'9 Things Successful Entrepreneurs Learned In Their First Year of Business
Whether you're trying to decide when's the right to time to start your own business, or negotiating the difficulties of working from home (and for yourself), we spoke with four successful female founders to find out the crucial things they learned during their first year of operating. Keep scrolling!
Vicki Engsall, Co-Founder of The Jojoba Company
You have to love your product.
If you love the product you are working with when you are working for yourself, it is easy to be motivated and to motivate yourself. So always choose something you are passionate about and believe in so it doesn’t feel like a job, rather, a hobby!
Don't be afraid to start slow.
I started by working at home at night before actually giving up my full time teaching job just to make sure this was something I wanted to do and something that could actually work. I gave up my full time teaching job when it all got too busy to do both and I haven’t looked back. Although working for yourself can be flexible, you need to be more diligent about planning your days to ensure that you can fit everything in. When you are working full time, your hours are set for you. When working for yourself, you need a lot of self-discipline and to be organized to make sure you can put in the hours.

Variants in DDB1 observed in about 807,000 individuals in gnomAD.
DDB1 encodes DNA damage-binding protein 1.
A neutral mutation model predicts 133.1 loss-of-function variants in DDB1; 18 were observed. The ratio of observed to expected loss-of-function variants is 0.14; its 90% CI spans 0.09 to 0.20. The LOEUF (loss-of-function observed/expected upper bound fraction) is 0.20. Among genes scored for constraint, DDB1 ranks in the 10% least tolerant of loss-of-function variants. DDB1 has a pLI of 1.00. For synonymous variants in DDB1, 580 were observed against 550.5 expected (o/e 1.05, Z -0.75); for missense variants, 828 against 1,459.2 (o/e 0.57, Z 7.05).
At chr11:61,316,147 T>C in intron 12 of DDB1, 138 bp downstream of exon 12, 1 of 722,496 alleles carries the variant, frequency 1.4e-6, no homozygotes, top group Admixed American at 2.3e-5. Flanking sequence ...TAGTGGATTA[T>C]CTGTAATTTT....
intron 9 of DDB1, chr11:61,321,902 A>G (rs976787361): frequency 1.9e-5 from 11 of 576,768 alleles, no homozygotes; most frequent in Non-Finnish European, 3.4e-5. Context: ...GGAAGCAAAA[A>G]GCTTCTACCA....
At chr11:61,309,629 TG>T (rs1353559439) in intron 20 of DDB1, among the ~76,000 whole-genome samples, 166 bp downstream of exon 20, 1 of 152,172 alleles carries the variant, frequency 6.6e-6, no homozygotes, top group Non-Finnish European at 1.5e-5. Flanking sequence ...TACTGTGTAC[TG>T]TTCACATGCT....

Set up a great working environment.
I set up a home office that I actually loved being in. It felt peaceful and I was surrounded by beauty products so I was very happy! Anecdote I was working as a full time teacher and loving it. While I was on maternity leave with my son, the opportunity came up to start The Jojoba Company. I wanted to be more flexible with my work so I could spend more time with my baby. I was due to go back to full time teaching as I was at the end of my maternity leave. That’s when I bit the bullet and decided to start the Jojoba Company with my dad. It definitely gave me more flexibility so I could work while my baby was sleeping or at night. For me, it was the perfect solution for the work/life balance I was after—and still is.'